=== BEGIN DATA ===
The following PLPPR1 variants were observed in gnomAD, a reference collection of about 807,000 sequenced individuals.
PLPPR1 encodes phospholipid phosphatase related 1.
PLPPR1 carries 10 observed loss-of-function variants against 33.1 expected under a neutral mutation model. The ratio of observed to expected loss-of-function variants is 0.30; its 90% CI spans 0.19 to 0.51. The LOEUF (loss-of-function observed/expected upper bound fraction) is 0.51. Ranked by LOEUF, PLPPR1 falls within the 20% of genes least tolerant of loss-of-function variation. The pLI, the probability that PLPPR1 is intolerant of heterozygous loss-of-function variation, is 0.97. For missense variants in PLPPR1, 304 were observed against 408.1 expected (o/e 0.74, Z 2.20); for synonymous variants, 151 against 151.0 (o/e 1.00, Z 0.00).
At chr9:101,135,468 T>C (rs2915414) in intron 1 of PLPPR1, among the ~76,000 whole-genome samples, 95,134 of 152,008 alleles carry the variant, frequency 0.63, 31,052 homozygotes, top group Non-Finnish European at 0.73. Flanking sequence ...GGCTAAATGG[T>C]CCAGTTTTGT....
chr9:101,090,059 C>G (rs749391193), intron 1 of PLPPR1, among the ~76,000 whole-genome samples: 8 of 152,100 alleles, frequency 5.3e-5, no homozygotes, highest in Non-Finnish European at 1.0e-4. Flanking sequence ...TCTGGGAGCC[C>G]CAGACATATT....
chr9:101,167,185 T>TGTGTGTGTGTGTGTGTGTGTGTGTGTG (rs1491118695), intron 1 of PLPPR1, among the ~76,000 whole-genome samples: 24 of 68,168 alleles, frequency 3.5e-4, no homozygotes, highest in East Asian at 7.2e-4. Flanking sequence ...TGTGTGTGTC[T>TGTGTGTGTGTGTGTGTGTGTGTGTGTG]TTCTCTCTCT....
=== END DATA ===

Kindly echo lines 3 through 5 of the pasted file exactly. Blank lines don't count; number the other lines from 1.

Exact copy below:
PLPPR1 carries 10 observed loss-of-function variants against 33.1 expected under a neutral mutation model. The ratio of observed to expected loss-of-function variants is 0.30; its 90% CI spans 0.19 to 0.51. The LOEUF (loss-of-function observed/expected upper bound fraction) is 0.51. Ranked by LOEUF, PLPPR1 falls within the 20% of genes least tolerant of loss-of-function variation. The pLI, the probability that PLPPR1 is intolerant of heterozygous loss-of-function variation, is 0.97. For missense variants in PLPPR1, 304 were observed against 408.1 expected (o/e 0.74, Z 2.20); for synonymous variants, 151 against 151.0 (o/e 1.00, Z 0.00).
At chr9:101,135,468 T>C (rs2915414) in intron 1 of PLPPR1, among the ~76,000 whole-genome samples, 95,134 of 152,008 alleles carry the variant, frequency 0.63, 31,052 homozygotes, top group Non-Finnish European at 0.73. Flanking sequence ...GGCTAAATGG[T>C]CCAGTTTTGT....
chr9:101,090,059 C>G (rs749391193), intron 1 of PLPPR1, among the ~76,000 whole-genome samples: 8 of 152,100 alleles, frequency 5.3e-5, no homozygotes, highest in Non-Finnish European at 1.0e-4. Flanking sequence ...TCTGGGAGCC[C>G]CAGACATATT....